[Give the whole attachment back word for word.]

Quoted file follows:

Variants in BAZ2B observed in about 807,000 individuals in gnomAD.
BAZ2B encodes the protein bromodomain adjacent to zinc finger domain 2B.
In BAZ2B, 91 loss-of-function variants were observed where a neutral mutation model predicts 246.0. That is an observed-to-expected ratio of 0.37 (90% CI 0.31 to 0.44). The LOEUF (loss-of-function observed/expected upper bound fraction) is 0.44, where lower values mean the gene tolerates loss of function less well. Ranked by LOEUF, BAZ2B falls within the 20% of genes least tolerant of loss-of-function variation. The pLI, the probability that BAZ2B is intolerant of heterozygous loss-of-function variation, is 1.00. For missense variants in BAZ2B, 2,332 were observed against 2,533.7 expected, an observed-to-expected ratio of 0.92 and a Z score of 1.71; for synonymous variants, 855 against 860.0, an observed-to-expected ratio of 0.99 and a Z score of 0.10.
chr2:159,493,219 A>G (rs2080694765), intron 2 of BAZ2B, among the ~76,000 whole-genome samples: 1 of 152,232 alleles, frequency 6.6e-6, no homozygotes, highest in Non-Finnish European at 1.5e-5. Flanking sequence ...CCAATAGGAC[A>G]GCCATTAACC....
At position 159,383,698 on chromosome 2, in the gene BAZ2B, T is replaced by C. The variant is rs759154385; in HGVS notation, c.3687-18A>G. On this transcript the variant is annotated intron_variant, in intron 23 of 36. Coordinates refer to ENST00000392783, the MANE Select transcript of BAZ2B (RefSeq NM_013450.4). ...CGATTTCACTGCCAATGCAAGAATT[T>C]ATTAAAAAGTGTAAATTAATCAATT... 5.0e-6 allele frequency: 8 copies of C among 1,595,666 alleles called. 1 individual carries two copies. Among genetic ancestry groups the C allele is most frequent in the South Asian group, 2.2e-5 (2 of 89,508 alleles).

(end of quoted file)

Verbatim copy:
Variants in BAZ2B observed in about 807,000 individuals in gnomAD.
BAZ2B encodes the protein bromodomain adjacent to zinc finger domain 2B.
In BAZ2B, 91 loss-of-function variants were observed where a neutral mutation model predicts 246.0. That is an observed-to-expected ratio of 0.37 (90% CI 0.31 to 0.44). The LOEUF (loss-of-function observed/expected upper bound fraction) is 0.44, where lower values mean the gene tolerates loss of function less well. Ranked by LOEUF, BAZ2B falls within the 20% of genes least tolerant of loss-of-function variation. The pLI, the probability that BAZ2B is intolerant of heterozygous loss-of-function variation, is 1.00. For missense variants in BAZ2B, 2,332 were observed against 2,533.7 expected, an observed-to-expected ratio of 0.92 and a Z score of 1.71; for synonymous variants, 855 against 860.0, an observed-to-expected ratio of 0.99 and a Z score of 0.10.
chr2:159,493,219 A>G (rs2080694765), intron 2 of BAZ2B, among the ~76,000 whole-genome samples: 1 of 152,232 alleles, frequency 6.6e-6, no homozygotes, highest in Non-Finnish European at 1.5e-5. Flanking sequence ...CCAATAGGAC[A>G]GCCATTAACC....
At position 159,383,698 on chromosome 2, in the gene BAZ2B, T is replaced by C. The variant is rs759154385; in HGVS notation, c.3687-18A>G. On this transcript the variant is annotated intron_variant, in intron 23 of 36. Coordinates refer to ENST00000392783, the MANE Select transcript of BAZ2B (RefSeq NM_013450.4). ...CGATTTCACTGCCAATGCAAGAATT[T>C]ATTAAAAAGTGTAAATTAATCAATT... 5.0e-6 allele frequency: 8 copies of C among 1,595,666 alleles called. 1 individual carries two copies. Among genetic ancestry groups the C allele is most frequent in the South Asian group, 2.2e-5 (2 of 89,508 alleles).